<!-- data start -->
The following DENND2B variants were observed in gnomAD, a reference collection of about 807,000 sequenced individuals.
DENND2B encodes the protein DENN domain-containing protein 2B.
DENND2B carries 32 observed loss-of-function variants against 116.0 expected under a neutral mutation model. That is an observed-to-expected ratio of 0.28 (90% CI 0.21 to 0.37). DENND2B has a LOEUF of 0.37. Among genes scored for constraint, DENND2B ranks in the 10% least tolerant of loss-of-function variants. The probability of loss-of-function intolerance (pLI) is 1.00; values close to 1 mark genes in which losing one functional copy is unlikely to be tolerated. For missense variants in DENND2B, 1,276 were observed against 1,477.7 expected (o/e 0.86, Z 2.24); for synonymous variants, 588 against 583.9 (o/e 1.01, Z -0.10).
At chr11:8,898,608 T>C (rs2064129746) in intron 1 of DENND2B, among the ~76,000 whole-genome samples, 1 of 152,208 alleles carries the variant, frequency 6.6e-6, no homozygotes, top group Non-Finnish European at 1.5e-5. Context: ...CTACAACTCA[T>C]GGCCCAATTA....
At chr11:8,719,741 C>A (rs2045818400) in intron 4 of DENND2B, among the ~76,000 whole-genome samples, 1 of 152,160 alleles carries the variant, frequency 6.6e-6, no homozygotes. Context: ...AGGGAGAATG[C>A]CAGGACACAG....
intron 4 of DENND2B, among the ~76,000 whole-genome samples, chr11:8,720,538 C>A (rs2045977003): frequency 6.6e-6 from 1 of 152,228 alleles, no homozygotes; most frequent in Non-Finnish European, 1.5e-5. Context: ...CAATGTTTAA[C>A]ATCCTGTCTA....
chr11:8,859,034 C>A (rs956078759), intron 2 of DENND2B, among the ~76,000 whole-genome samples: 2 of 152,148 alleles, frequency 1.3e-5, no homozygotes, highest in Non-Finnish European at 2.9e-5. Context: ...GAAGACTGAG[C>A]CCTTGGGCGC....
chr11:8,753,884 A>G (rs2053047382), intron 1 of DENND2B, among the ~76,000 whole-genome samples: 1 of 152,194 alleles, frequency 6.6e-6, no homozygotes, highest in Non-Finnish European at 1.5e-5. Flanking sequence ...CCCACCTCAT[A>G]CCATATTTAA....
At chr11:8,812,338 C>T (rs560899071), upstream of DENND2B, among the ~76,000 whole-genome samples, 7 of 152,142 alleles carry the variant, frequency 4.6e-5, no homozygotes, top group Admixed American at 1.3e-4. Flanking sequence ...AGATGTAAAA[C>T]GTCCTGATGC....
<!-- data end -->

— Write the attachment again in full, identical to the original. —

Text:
The following DENND2B variants were observed in gnomAD, a reference collection of about 807,000 sequenced individuals.
DENND2B encodes the protein DENN domain-containing protein 2B.
DENND2B carries 32 observed loss-of-function variants against 116.0 expected under a neutral mutation model. That is an observed-to-expected ratio of 0.28 (90% CI 0.21 to 0.37). DENND2B has a LOEUF of 0.37. Among genes scored for constraint, DENND2B ranks in the 10% least tolerant of loss-of-function variants. The probability of loss-of-function intolerance (pLI) is 1.00; values close to 1 mark genes in which losing one functional copy is unlikely to be tolerated. For missense variants in DENND2B, 1,276 were observed against 1,477.7 expected (o/e 0.86, Z 2.24); for synonymous variants, 588 against 583.9 (o/e 1.01, Z -0.10).
At chr11:8,898,608 T>C (rs2064129746) in intron 1 of DENND2B, among the ~76,000 whole-genome samples, 1 of 152,208 alleles carries the variant, frequency 6.6e-6, no homozygotes, top group Non-Finnish European at 1.5e-5. Context: ...CTACAACTCA[T>C]GGCCCAATTA....
At chr11:8,719,741 C>A (rs2045818400) in intron 4 of DENND2B, among the ~76,000 whole-genome samples, 1 of 152,160 alleles carries the variant, frequency 6.6e-6, no homozygotes. Context: ...AGGGAGAATG[C>A]CAGGACACAG....
intron 4 of DENND2B, among the ~76,000 whole-genome samples, chr11:8,720,538 C>A (rs2045977003): frequency 6.6e-6 from 1 of 152,228 alleles, no homozygotes; most frequent in Non-Finnish European, 1.5e-5. Context: ...CAATGTTTAA[C>A]ATCCTGTCTA....
chr11:8,859,034 C>A (rs956078759), intron 2 of DENND2B, among the ~76,000 whole-genome samples: 2 of 152,148 alleles, frequency 1.3e-5, no homozygotes, highest in Non-Finnish European at 2.9e-5. Context: ...GAAGACTGAG[C>A]CCTTGGGCGC....
chr11:8,753,884 A>G (rs2053047382), intron 1 of DENND2B, among the ~76,000 whole-genome samples: 1 of 152,194 alleles, frequency 6.6e-6, no homozygotes, highest in Non-Finnish European at 1.5e-5. Flanking sequence ...CCCACCTCAT[A>G]CCATATTTAA....
At chr11:8,812,338 C>T (rs560899071), upstream of DENND2B, among the ~76,000 whole-genome samples, 7 of 152,142 alleles carry the variant, frequency 4.6e-5, no homozygotes, top group Admixed American at 1.3e-4. Flanking sequence ...AGATGTAAAA[C>T]GTCCTGATGC....